Peonies showed up in nearly every look, some embroidered in heavy bead or transformed into graphic prints that seemed at times Asian, tropical or camouflage-like. The collection’s palette were brilliant shades of pink, purple or white.

She also debuted a “digital clutch” created with Hewlett Packard _ a purse-sized special edition notebook with a peony design, expected to be available in early 2009.

LUCA LUCA

A new creative director for Luca Luca doesn’t mean a drastic new direction. In his runway debut on Monday, Raul Melgoza captured the shapely spirit of Luca Orlandi’s woman, but with even more emphasis on cut, fit and luxe fabrics.

The designer turned to the bustier for a sexy, lean silhouette, and most of clothes were in cool tones of white and gray, including one-shoulder, bias-cut gowns in satin that looked liked liquid silver.

Melgoza said he prefers to focus on long-lasting designs instead of trends, and that’s why he puts so much effort into creating the perfect silhouette instead of adding bells and whistles.

RODARTE

Rodarte captured an earthy, space-agey feel on the runway Tuesday _ and no, that’s not an oxymoron.

The looks included leather fishnet-like leggings and tops with flesh-revealing holes. There were beiges and tans to represent earth elements, like sand and erosion, and colors like metallic blue and black for outer space.

Kate Mulleavy, part of the sister duo behind Rodarte, said they were inspired by space-age movies and environmental art like the Spiral Jetty, along with fossils: “So we tried to do things that were skeletal.”

MATTHEW WILLIAMSON

Retailers often say they want to see bright color in fashion _ it makes the shoppers happy. There should have been some smiles on the faces of the buyers at Matthew Williamson’s show.

Shades of pink, blue, purple and green exploded on his runway, including a spin-art print on a sexy jumpsuit and a long dress with a beaded neckline. There also was a beaded jacket with an Art Deco feel but the embellishment was in Day-Glo colors.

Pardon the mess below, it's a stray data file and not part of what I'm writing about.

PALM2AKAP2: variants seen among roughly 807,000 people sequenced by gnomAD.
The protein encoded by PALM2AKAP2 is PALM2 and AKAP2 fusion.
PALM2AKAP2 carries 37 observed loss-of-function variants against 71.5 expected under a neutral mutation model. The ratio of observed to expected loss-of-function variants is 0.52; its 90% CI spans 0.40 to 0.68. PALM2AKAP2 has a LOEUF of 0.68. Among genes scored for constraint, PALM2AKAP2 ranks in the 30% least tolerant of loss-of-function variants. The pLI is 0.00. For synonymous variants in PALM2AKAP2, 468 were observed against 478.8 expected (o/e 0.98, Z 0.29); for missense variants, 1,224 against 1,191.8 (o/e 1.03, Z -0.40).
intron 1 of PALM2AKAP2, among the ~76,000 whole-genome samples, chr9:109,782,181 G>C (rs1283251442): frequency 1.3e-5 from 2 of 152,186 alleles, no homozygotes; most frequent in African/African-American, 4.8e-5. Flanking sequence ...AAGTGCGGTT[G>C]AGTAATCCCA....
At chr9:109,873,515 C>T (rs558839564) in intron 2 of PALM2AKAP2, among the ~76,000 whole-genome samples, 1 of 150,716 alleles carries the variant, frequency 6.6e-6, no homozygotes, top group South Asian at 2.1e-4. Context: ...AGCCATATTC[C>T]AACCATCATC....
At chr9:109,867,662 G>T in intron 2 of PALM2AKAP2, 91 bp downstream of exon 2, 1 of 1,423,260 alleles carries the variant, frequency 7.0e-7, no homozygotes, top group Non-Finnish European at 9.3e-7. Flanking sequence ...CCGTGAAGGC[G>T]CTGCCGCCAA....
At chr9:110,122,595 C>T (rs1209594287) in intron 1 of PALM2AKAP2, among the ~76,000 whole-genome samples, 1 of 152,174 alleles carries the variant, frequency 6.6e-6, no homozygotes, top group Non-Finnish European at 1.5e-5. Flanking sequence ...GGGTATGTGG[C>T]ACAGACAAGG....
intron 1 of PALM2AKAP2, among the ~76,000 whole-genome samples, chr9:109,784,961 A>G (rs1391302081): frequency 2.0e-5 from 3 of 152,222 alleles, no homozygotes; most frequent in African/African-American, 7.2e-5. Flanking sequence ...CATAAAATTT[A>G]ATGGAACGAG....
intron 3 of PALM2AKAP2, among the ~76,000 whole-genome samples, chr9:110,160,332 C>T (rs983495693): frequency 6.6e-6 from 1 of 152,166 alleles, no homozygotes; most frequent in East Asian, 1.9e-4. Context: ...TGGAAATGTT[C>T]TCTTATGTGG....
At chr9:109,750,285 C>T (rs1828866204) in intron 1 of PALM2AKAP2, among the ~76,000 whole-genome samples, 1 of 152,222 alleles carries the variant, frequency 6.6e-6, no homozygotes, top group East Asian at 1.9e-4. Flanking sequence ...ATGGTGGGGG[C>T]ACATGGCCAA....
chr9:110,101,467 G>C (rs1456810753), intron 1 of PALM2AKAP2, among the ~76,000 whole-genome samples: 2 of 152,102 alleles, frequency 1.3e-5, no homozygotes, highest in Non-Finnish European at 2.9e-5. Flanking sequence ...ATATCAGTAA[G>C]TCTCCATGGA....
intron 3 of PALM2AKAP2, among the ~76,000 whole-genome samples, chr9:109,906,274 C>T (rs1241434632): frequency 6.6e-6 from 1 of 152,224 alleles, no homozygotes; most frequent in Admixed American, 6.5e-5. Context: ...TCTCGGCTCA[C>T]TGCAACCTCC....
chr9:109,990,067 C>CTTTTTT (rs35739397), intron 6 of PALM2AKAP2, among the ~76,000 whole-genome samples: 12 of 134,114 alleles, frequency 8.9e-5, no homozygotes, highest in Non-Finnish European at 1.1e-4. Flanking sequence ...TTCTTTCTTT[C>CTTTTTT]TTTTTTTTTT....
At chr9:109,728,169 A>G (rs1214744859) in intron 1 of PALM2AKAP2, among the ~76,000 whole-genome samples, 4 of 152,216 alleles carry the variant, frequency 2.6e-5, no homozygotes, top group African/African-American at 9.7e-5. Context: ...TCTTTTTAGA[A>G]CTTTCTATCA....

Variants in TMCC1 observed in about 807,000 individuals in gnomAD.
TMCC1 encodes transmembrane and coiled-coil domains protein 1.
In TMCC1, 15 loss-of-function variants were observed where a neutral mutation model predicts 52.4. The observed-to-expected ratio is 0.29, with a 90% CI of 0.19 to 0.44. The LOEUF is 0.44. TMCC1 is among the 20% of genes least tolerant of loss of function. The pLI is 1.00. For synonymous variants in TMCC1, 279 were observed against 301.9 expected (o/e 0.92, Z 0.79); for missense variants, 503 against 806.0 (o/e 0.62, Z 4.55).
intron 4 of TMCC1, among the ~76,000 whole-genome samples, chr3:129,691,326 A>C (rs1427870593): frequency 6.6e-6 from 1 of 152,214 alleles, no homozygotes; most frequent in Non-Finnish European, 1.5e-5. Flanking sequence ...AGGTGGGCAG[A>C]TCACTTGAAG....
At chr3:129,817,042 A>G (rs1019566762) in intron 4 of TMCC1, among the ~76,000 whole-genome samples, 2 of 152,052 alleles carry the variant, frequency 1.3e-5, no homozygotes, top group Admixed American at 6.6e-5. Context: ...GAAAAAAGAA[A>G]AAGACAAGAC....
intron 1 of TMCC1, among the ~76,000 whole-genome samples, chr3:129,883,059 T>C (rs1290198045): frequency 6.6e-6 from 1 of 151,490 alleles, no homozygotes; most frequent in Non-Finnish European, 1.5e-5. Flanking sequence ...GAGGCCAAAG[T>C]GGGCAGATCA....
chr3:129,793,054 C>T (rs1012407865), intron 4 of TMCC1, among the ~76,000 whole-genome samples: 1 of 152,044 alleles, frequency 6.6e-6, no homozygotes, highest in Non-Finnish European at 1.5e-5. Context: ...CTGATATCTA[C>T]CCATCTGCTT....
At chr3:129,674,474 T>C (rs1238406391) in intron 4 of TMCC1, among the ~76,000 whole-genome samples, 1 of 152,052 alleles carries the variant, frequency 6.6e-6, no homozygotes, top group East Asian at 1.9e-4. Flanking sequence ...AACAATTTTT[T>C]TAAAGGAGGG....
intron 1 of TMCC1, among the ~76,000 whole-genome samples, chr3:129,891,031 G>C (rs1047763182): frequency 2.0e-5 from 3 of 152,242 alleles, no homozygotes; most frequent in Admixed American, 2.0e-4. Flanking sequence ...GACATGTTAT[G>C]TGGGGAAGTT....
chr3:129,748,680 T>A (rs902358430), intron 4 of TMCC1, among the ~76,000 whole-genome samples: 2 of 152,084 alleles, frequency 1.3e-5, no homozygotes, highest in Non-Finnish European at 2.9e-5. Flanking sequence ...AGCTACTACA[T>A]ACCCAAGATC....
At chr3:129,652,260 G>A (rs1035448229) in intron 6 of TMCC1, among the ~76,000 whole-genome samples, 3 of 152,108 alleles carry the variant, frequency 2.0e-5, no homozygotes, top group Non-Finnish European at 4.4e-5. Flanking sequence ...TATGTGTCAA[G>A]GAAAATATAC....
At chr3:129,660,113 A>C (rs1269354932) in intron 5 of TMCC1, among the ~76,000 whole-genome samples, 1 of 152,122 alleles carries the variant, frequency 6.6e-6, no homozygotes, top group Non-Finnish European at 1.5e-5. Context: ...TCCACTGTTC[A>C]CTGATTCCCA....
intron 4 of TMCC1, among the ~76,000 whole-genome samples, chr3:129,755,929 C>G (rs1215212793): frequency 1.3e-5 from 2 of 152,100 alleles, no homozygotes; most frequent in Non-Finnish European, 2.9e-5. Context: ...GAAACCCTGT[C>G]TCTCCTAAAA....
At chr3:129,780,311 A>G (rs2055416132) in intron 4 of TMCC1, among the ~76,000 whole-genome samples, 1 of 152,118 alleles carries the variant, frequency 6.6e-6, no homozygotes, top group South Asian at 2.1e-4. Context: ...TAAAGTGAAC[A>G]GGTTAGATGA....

Some designers have said they’d shy away from beads and sequins because they’re expensive and maybe not ideal for a down economy, but Williamson apparently sees no better time to jazz up his collection.

CYNTHIA STEFFE

“Wearable” isn’t a buzzword you hear after every fashion show, but the models on the Cynthia Steffe catwalk could have just kept going through the Bryant Park tents and onto the street.

The dresses were the highlights: A green smocked-waist, boatneck dress would be perfect for cocktails or a daytime wedding, and a khaki “utility” dress with a ruched waist and zip front could go just about anywhere. There also was a group of three tiered white dresses with ruffled necklines _ each a different length _ that looked lovely.

PATRICIA FIELD

Stop searching for the knockoff dress that Carrie wore at Charlotte’s baby shower. And if you’ve been shopping for the white dress with the big flower, look no further.

Patricia Field, who brought us the chic, sexy, fun looks on “Sex and the City” has designed a 50-piece limited edition collection inspired by the show for the HSN Inc. home shopping network.

The line includes several iconic “Sex and the City” pieces: a tourquoise scarf dress with draped split-sleeves that fall below the hemline and a taffeta off-the-shoulder pouf top paired with a high-waist pencil skirt and belt.

GOTTEX

Gottex’s 69 looks, separated into different sunbathing themes, differed in color, style and material, but all said the same: Broadway at the beach.

The extravagant display of St. Tropez theatrics, apparent in the opening nautical theme that featured gold anchors, sailor collars or gold ribbon trim, showed women that the beach was a place to be a character _ in particular one who doesn’t get wet, and doesn’t tan either (the cutouts and spiderwebs of ribbon would leave strange lines).

The standouts were the simplest and most modest of suits: a group of black bikinis, one-piece bandeaus, and halter tops trimmed with 18-karat gold ribbon.

___

Associated Press writers Amanda Kwan and Megan K. Scott contributed to this report.